COLUMBIA — Members of MU's Department of Residential Life and building engineers addressed residents of the MU-run University Village apartments, following Saturday's deadly walkway collapse.
Frankie Minor, Department of Residential Life director, said the university is still waiting on answers as to what caused the collapse and fielded a bevy of questions from concerned residents.
"We don't have all the information," Minor said. "We want to make sure we're doing a thorough analysis of what happened, but we're relying upon the experts to critically analyze this, to come up with the most accurate representation of what happened."
Residents living in the affected building have been evacuated, but they were able to retrieve essential items from their apartments Saturday night and Sunday morning. Minor said they have temporarily been placed at other campus facilities or in hotels.
Wooden structures have been placed beneath walkways on all buildings in the complex as a temporary preventive measure. The structures were recommended by engineers to guarantee safety and could remain in place for the next six to eight months.
"We're waiting on their analysis and their report to determine what corrective measures might need to be taken," Minor said. "Our bottom line concern is safety and security."
Early Saturday morning, part of a second-story balcony of building 707 at the University Village apartment complex collapsed. Columbia firefighter Lt. Bruce Britt was trapped while responding and later was pronounced dead at University Hospital. No residents were injured.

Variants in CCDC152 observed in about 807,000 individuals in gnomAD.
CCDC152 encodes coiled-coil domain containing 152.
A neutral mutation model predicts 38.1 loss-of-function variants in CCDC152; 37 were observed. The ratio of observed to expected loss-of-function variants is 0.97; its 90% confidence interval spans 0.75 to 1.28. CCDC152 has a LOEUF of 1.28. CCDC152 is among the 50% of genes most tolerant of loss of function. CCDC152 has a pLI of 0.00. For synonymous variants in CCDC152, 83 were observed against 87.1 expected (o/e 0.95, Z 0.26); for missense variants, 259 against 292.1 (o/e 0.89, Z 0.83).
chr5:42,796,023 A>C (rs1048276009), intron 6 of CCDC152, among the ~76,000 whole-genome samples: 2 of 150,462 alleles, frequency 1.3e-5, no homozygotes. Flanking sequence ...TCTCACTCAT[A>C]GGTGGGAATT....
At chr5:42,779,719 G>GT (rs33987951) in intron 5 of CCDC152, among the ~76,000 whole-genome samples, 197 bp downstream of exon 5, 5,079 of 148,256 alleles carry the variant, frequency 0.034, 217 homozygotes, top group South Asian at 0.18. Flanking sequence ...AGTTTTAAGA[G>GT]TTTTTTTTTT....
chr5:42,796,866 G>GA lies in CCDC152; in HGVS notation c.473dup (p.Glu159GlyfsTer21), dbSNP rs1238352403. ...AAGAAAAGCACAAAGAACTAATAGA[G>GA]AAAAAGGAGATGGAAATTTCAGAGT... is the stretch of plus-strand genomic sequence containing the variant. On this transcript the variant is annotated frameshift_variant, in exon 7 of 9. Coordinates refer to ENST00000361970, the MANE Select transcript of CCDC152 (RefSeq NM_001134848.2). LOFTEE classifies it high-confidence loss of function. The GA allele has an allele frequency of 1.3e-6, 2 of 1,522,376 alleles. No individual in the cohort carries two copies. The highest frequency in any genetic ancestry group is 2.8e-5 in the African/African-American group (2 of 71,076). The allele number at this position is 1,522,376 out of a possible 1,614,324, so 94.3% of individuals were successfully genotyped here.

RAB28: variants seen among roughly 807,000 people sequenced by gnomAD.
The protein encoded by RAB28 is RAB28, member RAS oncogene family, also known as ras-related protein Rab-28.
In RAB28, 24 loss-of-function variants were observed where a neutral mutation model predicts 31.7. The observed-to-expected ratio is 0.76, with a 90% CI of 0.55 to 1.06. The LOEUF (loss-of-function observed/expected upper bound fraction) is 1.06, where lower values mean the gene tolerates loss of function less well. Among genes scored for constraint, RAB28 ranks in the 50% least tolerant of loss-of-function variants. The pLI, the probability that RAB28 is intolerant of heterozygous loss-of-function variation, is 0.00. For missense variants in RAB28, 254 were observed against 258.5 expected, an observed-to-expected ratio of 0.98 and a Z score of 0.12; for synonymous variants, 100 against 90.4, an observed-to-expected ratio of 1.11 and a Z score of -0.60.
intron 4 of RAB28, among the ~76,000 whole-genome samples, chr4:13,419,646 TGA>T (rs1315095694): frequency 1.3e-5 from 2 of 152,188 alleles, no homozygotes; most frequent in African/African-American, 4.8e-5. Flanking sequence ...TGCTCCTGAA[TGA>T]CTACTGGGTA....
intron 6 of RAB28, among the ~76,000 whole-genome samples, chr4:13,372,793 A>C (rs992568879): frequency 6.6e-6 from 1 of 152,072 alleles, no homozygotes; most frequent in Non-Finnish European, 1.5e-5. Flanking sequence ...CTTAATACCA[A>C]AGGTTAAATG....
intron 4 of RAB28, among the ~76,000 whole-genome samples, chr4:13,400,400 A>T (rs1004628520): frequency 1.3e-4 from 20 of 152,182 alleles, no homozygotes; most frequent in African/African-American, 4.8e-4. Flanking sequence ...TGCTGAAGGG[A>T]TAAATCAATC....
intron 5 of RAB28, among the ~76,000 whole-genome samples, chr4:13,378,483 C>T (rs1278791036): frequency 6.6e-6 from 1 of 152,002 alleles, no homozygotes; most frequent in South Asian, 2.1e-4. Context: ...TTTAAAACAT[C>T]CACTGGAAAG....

MU Chancellor R. Bowen Loftin ordered inspections of all other MU-owned or leased facilities. These inspections will begin Monday, he said.
Built in 1956 and virtually unchanged since, the two-story brick University Village apartments were designed to house graduate students and students with families. The MU Department of Residential Life has been considering renovating or rebuilding University Village since 2008.
Residents at the meeting Sunday expressed concern over the safety of their homes, and many questioned Minor about when a timeline of further action would be determined. Some wondered about the future of University Village given its old age.
"My guess is by the end of the semester, you'll know what the future of this place is," MU Vice Chancellor Cathy Scroggs said at the meeting.
Other residents were undecided if they would continue to live at the apartment complex.
Betsabé Castro Escobar and her fiancé Victor De Jesús Reyes were among the residents living in the collapsed building, and are unsure whether they will remain at University Village.
"I have the same feeling as every resident here," Escobar said. "I believe this could be avoided and something that could be worked on previously before tragedy happened."
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